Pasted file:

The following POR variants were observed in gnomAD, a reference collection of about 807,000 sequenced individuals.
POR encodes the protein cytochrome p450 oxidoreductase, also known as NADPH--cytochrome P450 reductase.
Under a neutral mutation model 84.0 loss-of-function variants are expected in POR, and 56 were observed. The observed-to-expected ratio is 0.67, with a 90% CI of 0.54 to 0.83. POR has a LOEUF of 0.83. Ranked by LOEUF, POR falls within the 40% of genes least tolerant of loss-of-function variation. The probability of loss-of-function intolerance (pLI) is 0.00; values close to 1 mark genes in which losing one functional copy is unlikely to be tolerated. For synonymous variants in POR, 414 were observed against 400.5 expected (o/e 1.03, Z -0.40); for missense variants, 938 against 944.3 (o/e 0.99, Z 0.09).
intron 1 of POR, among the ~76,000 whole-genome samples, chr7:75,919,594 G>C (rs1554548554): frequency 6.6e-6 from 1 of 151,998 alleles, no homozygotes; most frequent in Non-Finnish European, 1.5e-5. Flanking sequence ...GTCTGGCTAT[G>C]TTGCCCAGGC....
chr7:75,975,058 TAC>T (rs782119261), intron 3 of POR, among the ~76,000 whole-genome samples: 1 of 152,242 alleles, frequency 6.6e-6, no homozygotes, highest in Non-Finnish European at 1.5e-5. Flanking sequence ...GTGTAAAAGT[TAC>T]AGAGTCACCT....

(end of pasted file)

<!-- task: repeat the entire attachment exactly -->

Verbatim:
The following POR variants were observed in gnomAD, a reference collection of about 807,000 sequenced individuals.
POR encodes the protein cytochrome p450 oxidoreductase, also known as NADPH--cytochrome P450 reductase.
Under a neutral mutation model 84.0 loss-of-function variants are expected in POR, and 56 were observed. The observed-to-expected ratio is 0.67, with a 90% CI of 0.54 to 0.83. POR has a LOEUF of 0.83. Ranked by LOEUF, POR falls within the 40% of genes least tolerant of loss-of-function variation. The probability of loss-of-function intolerance (pLI) is 0.00; values close to 1 mark genes in which losing one functional copy is unlikely to be tolerated. For synonymous variants in POR, 414 were observed against 400.5 expected (o/e 1.03, Z -0.40); for missense variants, 938 against 944.3 (o/e 0.99, Z 0.09).
intron 1 of POR, among the ~76,000 whole-genome samples, chr7:75,919,594 G>C (rs1554548554): frequency 6.6e-6 from 1 of 151,998 alleles, no homozygotes; most frequent in Non-Finnish European, 1.5e-5. Flanking sequence ...GTCTGGCTAT[G>C]TTGCCCAGGC....
chr7:75,975,058 TAC>T (rs782119261), intron 3 of POR, among the ~76,000 whole-genome samples: 1 of 152,242 alleles, frequency 6.6e-6, no homozygotes, highest in Non-Finnish European at 1.5e-5. Flanking sequence ...GTGTAAAAGT[TAC>T]AGAGTCACCT....